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Comment: Long Live Jenkins (Score 1) 68

by benjto (#36039860) Attached to: Oracle Plans To Hand Hudson To Eclipse

The Jenkins fork essentially made this a non-event. Here at work we have been using Hudson on Ubuntu. After an apt-get upgrade, Hudson is now Jenkins on our system. The only pain point was the change from /var/lib/hudson to /var/lib/jenkins.

Oracle needs to learn that in the Java world, communities and personalities matter more than corporate branding. Most don't know Hudson as the CI project from Sun, they know it as the easy to use CI project created by Kohsuke Kawaguchi while working at Sun. Java itself was created by this guy named James Gosling. Guess what? Both left Sun/Oracle after Oracle took the reins. The battle over Hudson was about brand. Oracle was loosing the battle because they were loosing the people. That is where much of the brand equity lies.

Comment: Knuth on the Bible (Score 4, Interesting) 176

I respect Knuth for his stand that a man of such technical sophistication does not have to be at odds with faith. In fact, he wrote a pictorial Bible study:

http://www.amazon.com/3-16-Bible-Texts-Illuminated/dp/0895792524

Knuth as quoted from a reviewer:

"it's tragic that scientific advances have caused many people to imagine that they know it all, and that God is irrelevant or nonexistent. The fact is that everything we learn reveals more things that we do not understand... Reverence for God comes naturally if we are honest about how little we know."

Comment: Do we really need "caps control" ? (Score 1) 968

by benjto (#34491976) Attached to: Google Wants To Take Away Your Capslock Key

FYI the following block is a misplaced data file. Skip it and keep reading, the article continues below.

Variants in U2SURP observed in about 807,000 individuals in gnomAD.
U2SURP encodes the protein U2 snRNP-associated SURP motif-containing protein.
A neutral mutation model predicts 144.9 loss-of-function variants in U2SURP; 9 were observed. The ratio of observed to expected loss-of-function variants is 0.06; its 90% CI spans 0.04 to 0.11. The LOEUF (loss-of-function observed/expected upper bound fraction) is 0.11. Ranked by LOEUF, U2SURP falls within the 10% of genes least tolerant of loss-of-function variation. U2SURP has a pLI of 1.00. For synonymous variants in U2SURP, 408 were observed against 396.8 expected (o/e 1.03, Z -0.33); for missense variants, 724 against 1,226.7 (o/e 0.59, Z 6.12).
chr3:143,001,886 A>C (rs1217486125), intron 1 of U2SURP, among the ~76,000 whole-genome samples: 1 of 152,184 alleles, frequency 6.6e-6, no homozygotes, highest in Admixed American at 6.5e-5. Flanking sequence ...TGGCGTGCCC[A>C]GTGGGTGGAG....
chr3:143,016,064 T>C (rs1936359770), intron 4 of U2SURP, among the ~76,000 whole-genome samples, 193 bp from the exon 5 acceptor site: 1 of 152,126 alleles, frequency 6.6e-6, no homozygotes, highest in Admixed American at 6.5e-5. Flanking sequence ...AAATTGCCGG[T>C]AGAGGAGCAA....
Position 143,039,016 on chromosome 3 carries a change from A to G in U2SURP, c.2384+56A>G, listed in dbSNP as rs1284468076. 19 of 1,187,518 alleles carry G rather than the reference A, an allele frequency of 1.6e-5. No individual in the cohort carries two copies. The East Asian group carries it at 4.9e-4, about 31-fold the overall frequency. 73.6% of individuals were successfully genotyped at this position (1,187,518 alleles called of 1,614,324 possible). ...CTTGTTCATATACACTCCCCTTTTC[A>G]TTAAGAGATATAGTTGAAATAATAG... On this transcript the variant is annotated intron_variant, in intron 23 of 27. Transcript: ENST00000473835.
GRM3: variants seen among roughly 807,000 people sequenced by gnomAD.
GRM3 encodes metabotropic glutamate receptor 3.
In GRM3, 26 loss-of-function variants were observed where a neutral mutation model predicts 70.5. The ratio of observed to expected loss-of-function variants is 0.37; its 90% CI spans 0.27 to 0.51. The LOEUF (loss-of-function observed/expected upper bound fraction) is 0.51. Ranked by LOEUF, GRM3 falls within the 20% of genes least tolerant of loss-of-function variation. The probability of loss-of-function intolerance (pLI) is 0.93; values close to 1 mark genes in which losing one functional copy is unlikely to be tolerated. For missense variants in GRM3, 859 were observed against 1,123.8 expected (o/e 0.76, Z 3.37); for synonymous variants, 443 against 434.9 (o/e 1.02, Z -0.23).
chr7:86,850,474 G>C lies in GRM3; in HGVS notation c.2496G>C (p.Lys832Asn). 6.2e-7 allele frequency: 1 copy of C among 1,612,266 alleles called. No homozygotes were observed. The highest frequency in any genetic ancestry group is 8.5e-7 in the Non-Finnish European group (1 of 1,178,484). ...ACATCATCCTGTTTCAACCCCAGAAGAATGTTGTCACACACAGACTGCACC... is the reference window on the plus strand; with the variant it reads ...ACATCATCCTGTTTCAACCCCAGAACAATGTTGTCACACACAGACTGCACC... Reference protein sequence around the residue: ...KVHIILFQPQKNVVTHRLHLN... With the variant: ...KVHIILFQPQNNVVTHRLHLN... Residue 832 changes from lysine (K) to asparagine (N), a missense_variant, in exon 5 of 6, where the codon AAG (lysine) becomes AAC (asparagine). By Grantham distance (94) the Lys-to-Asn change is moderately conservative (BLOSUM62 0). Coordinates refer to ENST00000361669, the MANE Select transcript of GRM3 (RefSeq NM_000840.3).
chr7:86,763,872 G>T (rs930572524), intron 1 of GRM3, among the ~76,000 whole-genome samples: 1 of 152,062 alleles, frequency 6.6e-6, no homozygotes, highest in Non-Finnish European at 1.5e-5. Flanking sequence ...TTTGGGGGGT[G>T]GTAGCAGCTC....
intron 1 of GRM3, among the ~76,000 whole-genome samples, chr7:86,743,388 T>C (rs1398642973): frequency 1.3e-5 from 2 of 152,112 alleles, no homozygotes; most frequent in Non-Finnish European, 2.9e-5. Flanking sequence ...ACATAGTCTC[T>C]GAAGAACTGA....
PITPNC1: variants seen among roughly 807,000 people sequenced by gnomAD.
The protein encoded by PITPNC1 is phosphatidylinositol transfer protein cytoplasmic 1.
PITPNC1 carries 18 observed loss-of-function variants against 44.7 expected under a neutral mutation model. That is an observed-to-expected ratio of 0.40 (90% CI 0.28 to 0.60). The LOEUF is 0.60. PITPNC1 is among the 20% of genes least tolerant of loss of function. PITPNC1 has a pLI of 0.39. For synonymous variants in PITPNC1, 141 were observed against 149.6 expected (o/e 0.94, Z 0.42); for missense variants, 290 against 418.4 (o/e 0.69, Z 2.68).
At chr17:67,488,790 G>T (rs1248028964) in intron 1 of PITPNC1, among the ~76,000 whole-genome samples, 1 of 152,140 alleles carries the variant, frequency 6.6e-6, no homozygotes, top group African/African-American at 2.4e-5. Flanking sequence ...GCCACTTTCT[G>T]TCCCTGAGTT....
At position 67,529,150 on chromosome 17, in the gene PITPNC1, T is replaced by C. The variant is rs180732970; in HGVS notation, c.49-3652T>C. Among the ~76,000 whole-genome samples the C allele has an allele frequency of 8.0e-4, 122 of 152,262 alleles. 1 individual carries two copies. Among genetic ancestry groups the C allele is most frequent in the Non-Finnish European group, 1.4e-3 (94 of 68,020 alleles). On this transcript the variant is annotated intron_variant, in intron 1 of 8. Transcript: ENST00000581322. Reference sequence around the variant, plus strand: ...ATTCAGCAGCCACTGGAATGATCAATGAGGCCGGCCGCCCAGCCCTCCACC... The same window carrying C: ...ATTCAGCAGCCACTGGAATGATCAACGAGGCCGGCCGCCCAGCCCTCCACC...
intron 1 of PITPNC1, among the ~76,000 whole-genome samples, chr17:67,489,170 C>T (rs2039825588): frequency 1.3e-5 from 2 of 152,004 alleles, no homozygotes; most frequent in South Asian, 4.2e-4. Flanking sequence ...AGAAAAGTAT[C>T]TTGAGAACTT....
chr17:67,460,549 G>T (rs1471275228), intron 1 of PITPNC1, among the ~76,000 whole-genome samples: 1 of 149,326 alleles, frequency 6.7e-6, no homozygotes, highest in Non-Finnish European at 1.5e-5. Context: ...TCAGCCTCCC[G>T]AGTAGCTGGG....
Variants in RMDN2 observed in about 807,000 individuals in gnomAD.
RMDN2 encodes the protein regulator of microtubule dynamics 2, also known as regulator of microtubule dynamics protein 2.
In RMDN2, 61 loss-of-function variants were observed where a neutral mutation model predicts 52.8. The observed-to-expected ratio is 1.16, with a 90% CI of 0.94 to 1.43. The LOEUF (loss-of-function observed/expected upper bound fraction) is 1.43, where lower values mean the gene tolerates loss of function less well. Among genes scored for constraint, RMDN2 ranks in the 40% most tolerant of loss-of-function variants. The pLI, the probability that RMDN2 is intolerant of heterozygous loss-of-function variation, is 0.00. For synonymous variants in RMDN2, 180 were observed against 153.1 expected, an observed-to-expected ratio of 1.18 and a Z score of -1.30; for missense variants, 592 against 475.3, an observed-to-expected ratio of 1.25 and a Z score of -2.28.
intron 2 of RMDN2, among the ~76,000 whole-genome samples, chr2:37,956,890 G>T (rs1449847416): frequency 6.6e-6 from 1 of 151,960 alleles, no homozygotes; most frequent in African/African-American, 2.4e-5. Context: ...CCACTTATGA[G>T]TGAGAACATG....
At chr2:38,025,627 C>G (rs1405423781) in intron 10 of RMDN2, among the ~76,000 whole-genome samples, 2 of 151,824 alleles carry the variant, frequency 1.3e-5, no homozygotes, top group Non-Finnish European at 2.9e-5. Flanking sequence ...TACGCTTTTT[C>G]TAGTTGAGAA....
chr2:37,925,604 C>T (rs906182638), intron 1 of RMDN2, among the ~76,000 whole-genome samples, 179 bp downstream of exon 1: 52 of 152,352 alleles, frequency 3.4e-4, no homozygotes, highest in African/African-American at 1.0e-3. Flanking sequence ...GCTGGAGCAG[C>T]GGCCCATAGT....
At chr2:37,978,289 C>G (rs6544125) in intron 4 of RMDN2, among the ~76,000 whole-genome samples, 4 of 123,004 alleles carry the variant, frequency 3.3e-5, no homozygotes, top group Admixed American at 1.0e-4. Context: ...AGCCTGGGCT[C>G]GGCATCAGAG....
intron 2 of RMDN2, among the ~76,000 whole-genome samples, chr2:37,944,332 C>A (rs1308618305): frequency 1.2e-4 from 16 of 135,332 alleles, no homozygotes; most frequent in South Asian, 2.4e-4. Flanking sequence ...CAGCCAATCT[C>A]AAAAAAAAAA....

Caps lock keys don't cause bad comments. Commenters do.

Google's attempt to influence users' commenting behavior by virtue of a hardware change just smells of "we know better" and will surely have unintended consequences. What about the areas of computer input where lack of contiguous capital letters is considered bad form? (e.g. static fields in java, some common SQL conventions).

I can see the exercise of choice by developers and users answering this in two ways:

  1. Choosing to implement some kind of module into Chromium that will interpret something like a double shift click to be equivalent to a caps lock toggle
  2. Choosing to use a different product with a caps lock key

Comment: Two very different products (Score 1) 369

by benjto (#33900750) Attached to: Convincing Your Employer To Go With FOSS?

The fact that you company is exploring to significantly different products makes me think you may have bigger issues than just closed versus open source. Plone is a CMS system build on Zope, Confluence is a Wiki. I would not prefer to use Plone to capture shared team knowledge any more than I would choose Confluence to serve up my corporate web portal.

If you are looking to develop a customizable CMS system that will be used by both internal and external people with workflow support then lean towards Plone. If you are looking for a good place to easily capture shared content for your team then lean towards Confluence.

P.S. I have not used Plone much but have been a very happy Confluence user for about 5 years.

Comment: Don't need to write Java to run on Java (Score 2, Interesting) 878

by benjto (#33007544) Attached to: Google Engineer Decries Complexity of Java, C++